Two cardiologists named in lawsuits for performing alleged "unnecessary procedures" are now suing a television corporation for broadcasting the claims against them in a 2018 special show.

Doctors Satyabrata Chatterjee and Ashwini Anand, who were cardiologists with Saint Joseph London, filed the lawsuit last week on grounds of "personal injury" against CBS Corporation for an August 2018 episode of "48 Hours - Whistleblower." That episode featured the show's host, Alex Ferrer, talking with former patients of the London cardiologists who had been named in multiple lawsuits for allegedly implanting stents and pacemakers in heart patients who reportedly did not need those devices.

Chatterjee and Anand were both employed in London and conducted surgical procedures at the London Saint Joseph Hospital.

The lawsuit states the CBS broadcast made "multiple false and defamatory statements and video" about the two doctors.

Chatterjee was a licensed and board-certified cardiologist while Anand specialized in interventional cardiology. They claim that CBS contained, published and communicated false information that "imputed crime to them, injured their reputations and/or exposed them to public hatred" and "cast them in false light(s) that would be highly offensive to a reasonable person."

The lawsuit further claims the program suggested the two doctors performed unnecessary cardiac procedures and had false contracts with Saint Joseph London and that the content of that broadcast was "produced and published negligently, grossly negligently, with actual and/or constructive knowledge of falsity, with actual and common law malice and/or with a reckless disregard for the truth and the rights of the Physicians."

That broadcast, the lawsuit states, caused substantial and permanent damage to both doctors and included public hatred, ridicule, contempt, disgrace, scorn, shame, harm to reputation, severe emotional distress, inducement of an "evil opinion of them in the minds of reasonable people, deterrence of third persons from associating or dealing with them, and deprived them of friendship, intercourse and society. "

The lawsuit also states that the attorney for Chatterjee and Anand, Escum Moore III with Moore and Moore PLLC in Lexington, submitted a "Demand for Correction" on Sept. 21. A correction in a case involving a broadcasting company is listed in the letter to Joshua Gaynor with CBS News 48 Hours in New York as: "(a) the publication of an acknowledgement that the statement or statements specified as false and defamatory in the plaintiff's case are erroneous or (b) the publication of the plaintiff's statement of the true facts (as set forth in his demand for correction) or a fair summary thereof, exclusive of any portions thereof which are defamatory of another, obscene or otherwise improper for publication."

That section states if two or more statements are false the correction must address those issues. The demand states the broadcast indicated that Chatterjee and Anand "performed and profited from unnecessary cardiac procedures, specifically the placement of stents. It also stated that the two physicians paid the federal government $380,000 for "allegedly fraudulent contracts with the hospital."

But the two physicians claim the alleged unnecessary procedures were done by two other cardiologists and that neither Chatterjee nor Anand performed such surgery and that if they had done so, the evidence gathered by the United States Attorney's Office would surely not have excluded them from any charges.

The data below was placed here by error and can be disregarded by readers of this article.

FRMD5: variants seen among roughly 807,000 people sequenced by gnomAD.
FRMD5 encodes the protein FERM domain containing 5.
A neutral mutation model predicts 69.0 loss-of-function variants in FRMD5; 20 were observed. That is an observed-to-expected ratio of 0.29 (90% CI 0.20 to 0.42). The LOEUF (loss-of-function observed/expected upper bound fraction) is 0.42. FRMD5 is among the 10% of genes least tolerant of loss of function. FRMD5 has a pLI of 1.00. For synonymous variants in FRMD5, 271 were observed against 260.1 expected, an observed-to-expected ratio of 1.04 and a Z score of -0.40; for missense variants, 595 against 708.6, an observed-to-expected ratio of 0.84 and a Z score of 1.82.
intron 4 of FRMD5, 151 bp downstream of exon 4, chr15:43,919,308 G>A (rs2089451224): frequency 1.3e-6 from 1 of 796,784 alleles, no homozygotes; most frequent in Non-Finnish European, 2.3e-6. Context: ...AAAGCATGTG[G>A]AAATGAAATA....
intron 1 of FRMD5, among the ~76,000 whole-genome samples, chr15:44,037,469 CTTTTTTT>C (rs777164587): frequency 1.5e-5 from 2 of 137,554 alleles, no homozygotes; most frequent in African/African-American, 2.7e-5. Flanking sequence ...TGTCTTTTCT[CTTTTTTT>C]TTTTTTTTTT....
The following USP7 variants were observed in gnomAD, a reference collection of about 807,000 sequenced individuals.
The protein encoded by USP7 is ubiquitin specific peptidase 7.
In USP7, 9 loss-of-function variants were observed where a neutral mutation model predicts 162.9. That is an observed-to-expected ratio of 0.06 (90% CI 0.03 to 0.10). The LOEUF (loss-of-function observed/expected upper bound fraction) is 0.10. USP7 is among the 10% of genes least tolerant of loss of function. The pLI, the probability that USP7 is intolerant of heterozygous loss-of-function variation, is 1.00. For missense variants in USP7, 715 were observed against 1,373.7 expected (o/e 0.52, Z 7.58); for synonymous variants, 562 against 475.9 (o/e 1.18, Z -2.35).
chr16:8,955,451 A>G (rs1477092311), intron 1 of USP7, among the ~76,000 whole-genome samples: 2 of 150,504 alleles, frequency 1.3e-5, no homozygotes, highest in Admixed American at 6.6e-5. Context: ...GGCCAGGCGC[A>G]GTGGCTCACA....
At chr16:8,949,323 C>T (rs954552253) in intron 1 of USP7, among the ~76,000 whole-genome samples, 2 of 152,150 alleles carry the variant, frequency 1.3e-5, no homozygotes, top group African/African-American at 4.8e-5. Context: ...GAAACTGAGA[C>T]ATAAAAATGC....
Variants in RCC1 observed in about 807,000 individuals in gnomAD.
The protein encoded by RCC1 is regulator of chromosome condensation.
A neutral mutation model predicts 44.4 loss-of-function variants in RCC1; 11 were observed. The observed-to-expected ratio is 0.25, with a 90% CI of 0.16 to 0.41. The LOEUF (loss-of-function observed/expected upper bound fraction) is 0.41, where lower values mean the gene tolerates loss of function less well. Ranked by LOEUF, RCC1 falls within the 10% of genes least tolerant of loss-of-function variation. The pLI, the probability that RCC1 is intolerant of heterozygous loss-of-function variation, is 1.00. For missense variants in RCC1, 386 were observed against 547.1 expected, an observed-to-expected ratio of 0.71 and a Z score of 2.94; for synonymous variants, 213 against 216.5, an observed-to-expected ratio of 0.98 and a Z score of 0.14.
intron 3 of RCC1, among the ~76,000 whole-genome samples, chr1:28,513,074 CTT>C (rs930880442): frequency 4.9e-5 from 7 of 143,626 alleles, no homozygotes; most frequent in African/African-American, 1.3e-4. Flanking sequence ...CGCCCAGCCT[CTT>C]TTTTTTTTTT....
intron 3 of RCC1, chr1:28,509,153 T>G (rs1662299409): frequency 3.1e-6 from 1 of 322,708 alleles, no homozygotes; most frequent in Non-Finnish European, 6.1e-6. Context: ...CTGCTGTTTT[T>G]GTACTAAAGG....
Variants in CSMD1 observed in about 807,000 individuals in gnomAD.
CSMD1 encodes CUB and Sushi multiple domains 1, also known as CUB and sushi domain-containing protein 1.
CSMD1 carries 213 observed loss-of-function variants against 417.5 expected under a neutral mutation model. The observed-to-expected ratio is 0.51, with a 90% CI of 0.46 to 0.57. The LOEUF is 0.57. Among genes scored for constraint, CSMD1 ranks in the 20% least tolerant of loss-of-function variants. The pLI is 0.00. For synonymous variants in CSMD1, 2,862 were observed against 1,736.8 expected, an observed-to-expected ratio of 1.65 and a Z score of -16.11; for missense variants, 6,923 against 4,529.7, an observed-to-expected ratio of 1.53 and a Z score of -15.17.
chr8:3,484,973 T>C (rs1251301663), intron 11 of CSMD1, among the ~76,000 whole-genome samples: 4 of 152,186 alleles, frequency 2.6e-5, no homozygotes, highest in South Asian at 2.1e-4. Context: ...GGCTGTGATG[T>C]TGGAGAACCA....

That demand for correction also states that if the two cardiologists had been involved in those incidents, that "surely each and every one of the literally hundreds of civil lawsuits filed against them would not have been resolved in their favor without a single penny to any plaintiff." There has never, ever been any competent evidence linking the physicians to profits from alleged unnecessary procedures by other physicians, it continues.

A CBS spokesperson said, CBS News responded to the demand for correction and retraction by explaining in a letter that the "Whistleblower" report was accurate in its entirety. CBS News will also defend the accuracy of the report in court.

The two physicians are now taking the case to court, and demanding "compensatory and punitive damages" for court costs, pre-judgment interest, post-judgment interest, costs and attorney fees, all relief afforded by Kentucky law and any and all other relief to which they are properly entitled and trial by jury, the lawsuit further states.

According to the Circuit Court Clerk's office personnel, no court date has been set for this case at this time.


The investigation and lawsuits filed against the cardiologists and Saint Joseph London resulted in two cardiologists pleading guilty to fraudulently filing claims through Medicare/Medicaid programs and paying fines and at least one cardiologist serving a federal prison sentence.

Saint Joseph London also agreed to pay $16 million to the federal government stemming from the fraudulent claims. Several individuals also filed lawsuits against the hospital and individual physicians and organizations involved in the alleged unnecessary procedures, including a medical billing service established by Chatterjee and operated by his wife.

The case gained national attention when a lawsuit with nearly 200 plaintiffs was filed against the cardiologists and the hospital in 2014. Hospital officials have stated those claims were dismissed, although some were actually resolved out of court and one individual received a multi-million dollar settlement from a lawsuit. Of those cases settled, however, no other monetary amounts were disclosed.

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